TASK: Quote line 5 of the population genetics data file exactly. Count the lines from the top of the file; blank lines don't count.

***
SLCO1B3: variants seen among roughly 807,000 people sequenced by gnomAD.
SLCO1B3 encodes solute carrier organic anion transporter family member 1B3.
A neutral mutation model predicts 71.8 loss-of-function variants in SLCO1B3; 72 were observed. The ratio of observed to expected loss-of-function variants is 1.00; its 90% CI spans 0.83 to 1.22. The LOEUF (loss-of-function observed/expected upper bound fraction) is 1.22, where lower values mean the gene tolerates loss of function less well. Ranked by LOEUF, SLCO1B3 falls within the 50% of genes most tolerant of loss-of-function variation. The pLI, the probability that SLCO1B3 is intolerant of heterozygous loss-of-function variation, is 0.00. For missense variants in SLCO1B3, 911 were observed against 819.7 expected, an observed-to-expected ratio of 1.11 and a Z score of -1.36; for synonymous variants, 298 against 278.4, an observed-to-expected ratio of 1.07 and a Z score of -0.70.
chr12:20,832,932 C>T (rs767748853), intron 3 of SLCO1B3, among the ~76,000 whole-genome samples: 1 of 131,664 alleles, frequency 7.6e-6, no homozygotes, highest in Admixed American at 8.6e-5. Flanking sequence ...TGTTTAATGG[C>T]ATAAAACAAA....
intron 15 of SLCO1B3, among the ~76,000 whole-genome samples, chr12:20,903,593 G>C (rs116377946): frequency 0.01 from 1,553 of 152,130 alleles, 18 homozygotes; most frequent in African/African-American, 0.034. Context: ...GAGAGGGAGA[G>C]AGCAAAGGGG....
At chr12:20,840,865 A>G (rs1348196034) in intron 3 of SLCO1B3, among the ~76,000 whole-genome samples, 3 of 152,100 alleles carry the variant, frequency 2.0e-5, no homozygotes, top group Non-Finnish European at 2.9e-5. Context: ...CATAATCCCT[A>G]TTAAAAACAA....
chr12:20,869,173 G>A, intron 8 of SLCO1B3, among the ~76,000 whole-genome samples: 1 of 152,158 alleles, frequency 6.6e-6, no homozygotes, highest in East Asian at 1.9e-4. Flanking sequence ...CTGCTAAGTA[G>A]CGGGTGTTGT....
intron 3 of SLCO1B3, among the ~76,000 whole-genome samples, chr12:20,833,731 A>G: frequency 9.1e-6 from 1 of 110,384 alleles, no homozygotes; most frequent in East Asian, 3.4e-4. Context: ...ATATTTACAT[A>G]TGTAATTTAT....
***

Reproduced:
intron 15 of SLCO1B3, among the ~76,000 whole-genome samples, chr12:20,903,593 G>C (rs116377946): frequency 0.01 from 1,553 of 152,130 alleles, 18 homozygotes; most frequent in African/African-American, 0.034. Context: ...GAGAGGGAGA[G>C]AGCAAAGGGG....